Ant-Man and the Wasp
Ant-Man and the Wasp is set before Thanos killed half the universe, and, just like its heroes, it’s a decidedly small-scale affair. Scott Lang (Paul Rudd), who stole a suit that can shrink him to the size of an ant or blow him up to become a giant, teams up with Evangeline Lilly’s Wasp to track down a criminal who can phase through walls.
Early word is that it’s a light, frothily comedic affair with Collider’s Steven Weintraub saying it’s “a tonne of fun and had the crowd laughing from beginning to end" and Slashfilm’s Peter Sciretta saying it’s “at its best when it’s almost an over-the-top silly comedy.” Released 4 July in Singapore, the Philippines and South Korea, 5 July in Brazil and Australia and 13 July in India. (Credit: Marvel Studios)
Mamma Mia: Here We Go Again
You’ve been haunted by the sight of Pierce Brosnan dancing in flippers too, haven’t you? Well, he’s back along with virtually everyone else in the sequel to the movie version of the musical that grossed $615m worldwide in 2008. This time Amanda Seyfried’s Sophie is pregnant and the action shifts back and forth between the present when her mother Donna is played by Meryl Streep and a few decades earlier when her mother was pregnant with her – and played by Lily James.
A number of the songs from the first film are being recycled for this one, but a few new additions are in the mix too. Released 19 July in Australia, the Netherlands and Brazil and 20 July in the US, UK, South Africa and Vietnam. (Credit: Universal Pictures)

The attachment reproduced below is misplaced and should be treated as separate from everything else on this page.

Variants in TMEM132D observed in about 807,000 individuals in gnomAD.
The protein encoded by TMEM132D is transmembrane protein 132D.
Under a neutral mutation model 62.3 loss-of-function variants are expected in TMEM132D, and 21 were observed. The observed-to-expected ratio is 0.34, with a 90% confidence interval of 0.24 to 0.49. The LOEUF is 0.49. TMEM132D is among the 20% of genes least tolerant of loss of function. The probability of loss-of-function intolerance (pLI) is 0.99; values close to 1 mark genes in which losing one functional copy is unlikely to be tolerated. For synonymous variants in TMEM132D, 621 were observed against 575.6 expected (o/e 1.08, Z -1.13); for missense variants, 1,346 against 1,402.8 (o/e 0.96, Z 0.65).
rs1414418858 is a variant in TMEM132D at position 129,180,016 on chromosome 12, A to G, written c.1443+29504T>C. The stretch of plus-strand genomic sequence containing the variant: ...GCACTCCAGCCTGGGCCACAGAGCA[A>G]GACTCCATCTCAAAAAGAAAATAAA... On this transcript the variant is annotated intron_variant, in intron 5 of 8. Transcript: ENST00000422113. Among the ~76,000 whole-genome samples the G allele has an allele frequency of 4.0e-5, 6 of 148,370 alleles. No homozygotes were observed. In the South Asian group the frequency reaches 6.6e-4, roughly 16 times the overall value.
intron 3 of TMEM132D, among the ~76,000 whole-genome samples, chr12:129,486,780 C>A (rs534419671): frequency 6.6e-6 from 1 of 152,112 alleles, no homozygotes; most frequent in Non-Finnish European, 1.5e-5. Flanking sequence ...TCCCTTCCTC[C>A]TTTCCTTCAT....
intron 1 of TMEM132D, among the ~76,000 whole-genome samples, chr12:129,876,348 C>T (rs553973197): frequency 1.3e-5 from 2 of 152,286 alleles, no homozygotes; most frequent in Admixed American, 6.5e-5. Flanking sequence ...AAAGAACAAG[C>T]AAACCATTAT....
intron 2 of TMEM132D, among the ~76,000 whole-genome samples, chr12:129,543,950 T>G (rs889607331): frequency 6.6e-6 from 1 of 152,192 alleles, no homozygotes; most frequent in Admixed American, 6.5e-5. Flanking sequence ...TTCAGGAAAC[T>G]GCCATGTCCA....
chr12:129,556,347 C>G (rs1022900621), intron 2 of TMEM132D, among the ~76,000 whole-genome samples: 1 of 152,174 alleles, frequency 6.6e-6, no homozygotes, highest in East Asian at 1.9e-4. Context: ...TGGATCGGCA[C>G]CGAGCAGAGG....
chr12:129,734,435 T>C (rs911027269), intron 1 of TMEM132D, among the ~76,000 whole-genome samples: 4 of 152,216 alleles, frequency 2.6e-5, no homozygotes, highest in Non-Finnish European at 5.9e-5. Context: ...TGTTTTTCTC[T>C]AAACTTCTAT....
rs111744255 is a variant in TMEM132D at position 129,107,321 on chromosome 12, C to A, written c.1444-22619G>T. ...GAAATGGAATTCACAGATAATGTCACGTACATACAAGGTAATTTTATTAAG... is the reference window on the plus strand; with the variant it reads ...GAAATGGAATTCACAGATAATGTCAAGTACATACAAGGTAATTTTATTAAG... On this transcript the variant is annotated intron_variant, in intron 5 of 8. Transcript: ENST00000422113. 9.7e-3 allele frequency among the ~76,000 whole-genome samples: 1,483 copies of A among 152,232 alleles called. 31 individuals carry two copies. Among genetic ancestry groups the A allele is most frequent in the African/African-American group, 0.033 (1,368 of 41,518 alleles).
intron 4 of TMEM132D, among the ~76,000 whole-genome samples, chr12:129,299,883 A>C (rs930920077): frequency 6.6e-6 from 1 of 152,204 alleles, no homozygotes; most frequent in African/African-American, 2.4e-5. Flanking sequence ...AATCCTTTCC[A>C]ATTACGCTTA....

Mission: Impossible – Fallout
In this sixth movie, Fallout, Rogue Nation director Christopher McQuarrie is back, and so are many actors from previous films, including Michelle Monaghan (who was Ethan Hunt’s fiancée in Mission: Impossible 3) and Sean Harris. But the undiminished star of these films is Tom Cruise, who comes up with more and more elaborate stunts for each film and, risking life and limb, shows how unsatisfying the rest of the CGI-filled action-movie landscape really is.
Released 26 July in the UK, Israel, Russia and Saudi Arabia and 27 July in India, Pakistan, the US and Canada. (Credit: Paramount Pictures)
A television play by director Shunji Iwai from 1993 inspired this animated re-make: a love triangle unfolds among boys Norimichi and Yûsuke and the girl Nazuna. She’s about to leave town with her squabbling parents when she challenges the two boys to a swimming race – whoever wins will have to do whatever she asks, and she plays to run away from home. Time travel and other fantasy elements pop up along the way in this imagining of the story from director Akiyuki Shinbo, which leans heavily towards a mood of trance-like reverie.
The Japan Times’ Mark Schilling said that this is a “pure-hearted love story” that “nails it again and again.” Released 3 July in the US and Canada. (Credit: Toho)